It Doesn’t Happen in the Office
Networking for the hotelier is an important job, one that should not be taken lightly. Not only does networking allow us to get to know the movers and the shakers in town, ones that can grease wheels when needed, it also allows for the community to buy into us and our hotel brand. To operate a thriving business we MUST have the buy-in from your community. Peer referrals make up an average of 82% consumer purchases (in our case, bookings).
I’ve come across hoteliers that think their business card and a sparse LinkedIn profile takes care of all their networking/ marketing needs. This couldn’t be further from the truth! There are many tools to achieve important networking goals, ones that will require you to get out of the office and put your charming hotelier-face on.
Hotelier Associations – Find out if your city has a hotel association chapter. They often hold luncheons that can help you meet other important hoteliers in your area and also offer coaching seminars on current trends once a month. A few associations that readily come to mind are: American Hotel & Lodging Association, International Hotel & Restaurant Association and the Association of Professional Hospitality Managers.
Chamber of Commerce – It’s always prudent for any business developer to be involved with their city’s Chamber of Commerce. As a hotelier, it’s imperative. This is a great way to meet other business owners and start racking up those referrals. It also gives you insight into what is going on in the community as far as development is concerned. A good business owner knows of happenings in the community that might affect business.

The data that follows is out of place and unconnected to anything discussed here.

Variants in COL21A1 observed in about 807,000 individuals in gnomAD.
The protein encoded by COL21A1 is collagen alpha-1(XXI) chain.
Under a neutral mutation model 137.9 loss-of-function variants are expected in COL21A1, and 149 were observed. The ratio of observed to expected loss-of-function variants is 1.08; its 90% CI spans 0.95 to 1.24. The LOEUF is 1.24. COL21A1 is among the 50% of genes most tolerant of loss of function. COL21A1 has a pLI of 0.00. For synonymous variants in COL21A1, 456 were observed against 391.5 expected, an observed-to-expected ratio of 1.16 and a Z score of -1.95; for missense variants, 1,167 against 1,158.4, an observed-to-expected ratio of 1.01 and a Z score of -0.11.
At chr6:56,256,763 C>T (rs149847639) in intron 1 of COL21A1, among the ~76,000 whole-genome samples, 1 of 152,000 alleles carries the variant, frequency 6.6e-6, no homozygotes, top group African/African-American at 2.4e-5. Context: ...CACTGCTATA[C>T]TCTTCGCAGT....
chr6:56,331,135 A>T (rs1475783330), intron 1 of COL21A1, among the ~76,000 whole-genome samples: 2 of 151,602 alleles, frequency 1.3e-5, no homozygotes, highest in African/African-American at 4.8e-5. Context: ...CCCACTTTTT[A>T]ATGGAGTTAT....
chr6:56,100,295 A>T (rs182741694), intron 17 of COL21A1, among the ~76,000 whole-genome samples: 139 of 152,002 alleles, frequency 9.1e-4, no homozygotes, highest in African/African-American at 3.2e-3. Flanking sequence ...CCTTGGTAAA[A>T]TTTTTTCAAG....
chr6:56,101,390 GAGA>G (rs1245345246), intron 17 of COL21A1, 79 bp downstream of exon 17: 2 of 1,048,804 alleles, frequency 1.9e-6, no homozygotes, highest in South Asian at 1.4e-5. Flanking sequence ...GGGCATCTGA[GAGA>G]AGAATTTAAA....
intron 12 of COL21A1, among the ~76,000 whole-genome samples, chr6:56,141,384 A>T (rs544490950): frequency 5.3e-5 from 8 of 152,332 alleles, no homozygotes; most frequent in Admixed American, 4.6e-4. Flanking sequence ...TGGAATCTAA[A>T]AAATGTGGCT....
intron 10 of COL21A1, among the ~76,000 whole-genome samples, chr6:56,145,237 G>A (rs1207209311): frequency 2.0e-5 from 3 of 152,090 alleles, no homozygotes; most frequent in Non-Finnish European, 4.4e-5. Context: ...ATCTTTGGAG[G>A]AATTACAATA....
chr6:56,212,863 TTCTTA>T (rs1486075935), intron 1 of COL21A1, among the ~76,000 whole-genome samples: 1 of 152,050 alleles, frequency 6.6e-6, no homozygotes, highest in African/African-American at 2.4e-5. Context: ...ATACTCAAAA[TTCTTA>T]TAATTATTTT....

Meetup – For those of you who are less digitally inclined, Meetup is an online social networking platform that launched in 2002. It offers a wide variety of interest groups – there is sure to be one that strikes yours and gets you out there meeting other professionals in your area. There are usually a few good marketing and small business owner meetups in every city. If you don’t see one that fits you, feel free to make your own Meetup. That’s the beauty of it, you can always create your own interest group. I myself am contemplating creating one just for hoteliers. I’ve lived in a number of cities and have yet to come across one.
LinkedIn – As mentioned earlier, LinkedIn IS a viable tool for networking. However, it is not a platform to rely on solely. In this digital age, think of LinkedIn as a given. Make sure that you have a presentable and professional looking headshot on there and all the contact information is current. It is best practice on LinkedIn not to randomly add people to your network (though this happens often). Use the networking tools above to make the face-to-face connections first and then add them on LinkedIn. Think of LinkedIn as your digital rolodex.
Above are just a handful of proven opportunities to network – ones that I regularly use. If you have any other ideas on networking, ones that have worked well for you in the past, feel free to comment with or email them to me. I’d love opportunities to expand on this important topic!